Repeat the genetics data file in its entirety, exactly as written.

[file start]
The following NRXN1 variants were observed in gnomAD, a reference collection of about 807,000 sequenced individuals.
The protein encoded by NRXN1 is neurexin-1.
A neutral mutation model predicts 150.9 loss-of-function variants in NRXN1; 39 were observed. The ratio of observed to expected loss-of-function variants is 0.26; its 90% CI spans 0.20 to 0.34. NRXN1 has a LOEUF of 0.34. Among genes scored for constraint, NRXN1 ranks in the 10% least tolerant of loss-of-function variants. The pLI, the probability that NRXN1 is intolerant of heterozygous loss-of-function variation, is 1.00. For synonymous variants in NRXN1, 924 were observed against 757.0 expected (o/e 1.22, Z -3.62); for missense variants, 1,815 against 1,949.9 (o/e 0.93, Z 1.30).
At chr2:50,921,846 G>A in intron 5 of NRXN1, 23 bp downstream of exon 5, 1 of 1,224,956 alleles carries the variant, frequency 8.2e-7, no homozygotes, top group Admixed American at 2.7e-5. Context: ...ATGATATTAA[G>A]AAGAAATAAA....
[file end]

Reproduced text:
The following NRXN1 variants were observed in gnomAD, a reference collection of about 807,000 sequenced individuals.
The protein encoded by NRXN1 is neurexin-1.
A neutral mutation model predicts 150.9 loss-of-function variants in NRXN1; 39 were observed. The ratio of observed to expected loss-of-function variants is 0.26; its 90% CI spans 0.20 to 0.34. NRXN1 has a LOEUF of 0.34. Among genes scored for constraint, NRXN1 ranks in the 10% least tolerant of loss-of-function variants. The pLI, the probability that NRXN1 is intolerant of heterozygous loss-of-function variation, is 1.00. For synonymous variants in NRXN1, 924 were observed against 757.0 expected (o/e 1.22, Z -3.62); for missense variants, 1,815 against 1,949.9 (o/e 0.93, Z 1.30).
At chr2:50,921,846 G>A in intron 5 of NRXN1, 23 bp downstream of exon 5, 1 of 1,224,956 alleles carries the variant, frequency 8.2e-7, no homozygotes, top group Admixed American at 2.7e-5. Context: ...ATGATATTAA[G>A]AAGAAATAAA....